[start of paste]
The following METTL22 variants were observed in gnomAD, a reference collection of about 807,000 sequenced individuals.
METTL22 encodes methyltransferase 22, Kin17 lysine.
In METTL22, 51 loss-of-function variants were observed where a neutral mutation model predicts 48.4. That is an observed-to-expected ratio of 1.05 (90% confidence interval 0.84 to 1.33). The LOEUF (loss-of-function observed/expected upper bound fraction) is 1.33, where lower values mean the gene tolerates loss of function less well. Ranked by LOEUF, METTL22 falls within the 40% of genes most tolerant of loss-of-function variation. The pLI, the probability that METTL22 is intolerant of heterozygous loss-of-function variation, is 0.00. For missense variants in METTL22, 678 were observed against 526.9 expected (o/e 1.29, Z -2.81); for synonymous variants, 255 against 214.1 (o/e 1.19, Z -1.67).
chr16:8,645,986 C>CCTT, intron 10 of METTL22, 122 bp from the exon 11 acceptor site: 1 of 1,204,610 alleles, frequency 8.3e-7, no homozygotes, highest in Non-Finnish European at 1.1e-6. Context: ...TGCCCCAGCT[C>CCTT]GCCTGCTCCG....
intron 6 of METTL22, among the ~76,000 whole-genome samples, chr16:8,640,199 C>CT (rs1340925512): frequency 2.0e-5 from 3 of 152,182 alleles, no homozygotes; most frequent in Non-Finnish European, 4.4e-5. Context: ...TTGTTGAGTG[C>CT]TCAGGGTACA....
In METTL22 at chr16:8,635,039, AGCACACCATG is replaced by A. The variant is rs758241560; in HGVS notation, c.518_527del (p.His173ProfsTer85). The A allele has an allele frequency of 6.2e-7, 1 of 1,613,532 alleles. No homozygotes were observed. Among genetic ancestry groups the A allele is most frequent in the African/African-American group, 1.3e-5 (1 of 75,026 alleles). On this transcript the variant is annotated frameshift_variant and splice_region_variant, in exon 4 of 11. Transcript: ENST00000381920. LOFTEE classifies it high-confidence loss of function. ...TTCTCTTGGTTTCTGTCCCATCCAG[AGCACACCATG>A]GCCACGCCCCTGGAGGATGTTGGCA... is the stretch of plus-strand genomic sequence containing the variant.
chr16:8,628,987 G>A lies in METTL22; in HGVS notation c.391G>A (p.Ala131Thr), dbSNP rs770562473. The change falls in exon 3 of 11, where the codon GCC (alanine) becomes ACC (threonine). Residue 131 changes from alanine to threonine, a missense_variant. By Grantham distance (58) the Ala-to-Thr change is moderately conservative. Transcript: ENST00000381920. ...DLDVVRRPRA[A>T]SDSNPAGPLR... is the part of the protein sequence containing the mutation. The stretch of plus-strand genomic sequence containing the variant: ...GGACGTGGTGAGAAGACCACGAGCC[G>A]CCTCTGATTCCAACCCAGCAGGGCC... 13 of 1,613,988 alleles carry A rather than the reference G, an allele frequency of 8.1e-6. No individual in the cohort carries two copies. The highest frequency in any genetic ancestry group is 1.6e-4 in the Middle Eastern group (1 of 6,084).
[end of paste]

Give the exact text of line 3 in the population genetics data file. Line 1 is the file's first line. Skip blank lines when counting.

In METTL22, 51 loss-of-function variants were observed where a neutral mutation model predicts 48.4. That is an observed-to-expected ratio of 1.05 (90% confidence interval 0.84 to 1.33). The LOEUF (loss-of-function observed/expected upper bound fraction) is 1.33, where lower values mean the gene tolerates loss of function less well. Ranked by LOEUF, METTL22 falls within the 40% of genes most tolerant of loss-of-function variation. The pLI, the probability that METTL22 is intolerant of heterozygous loss-of-function variation, is 0.00. For missense variants in METTL22, 678 were observed against 526.9 expected (o/e 1.29, Z -2.81); for synonymous variants, 255 against 214.1 (o/e 1.19, Z -1.67).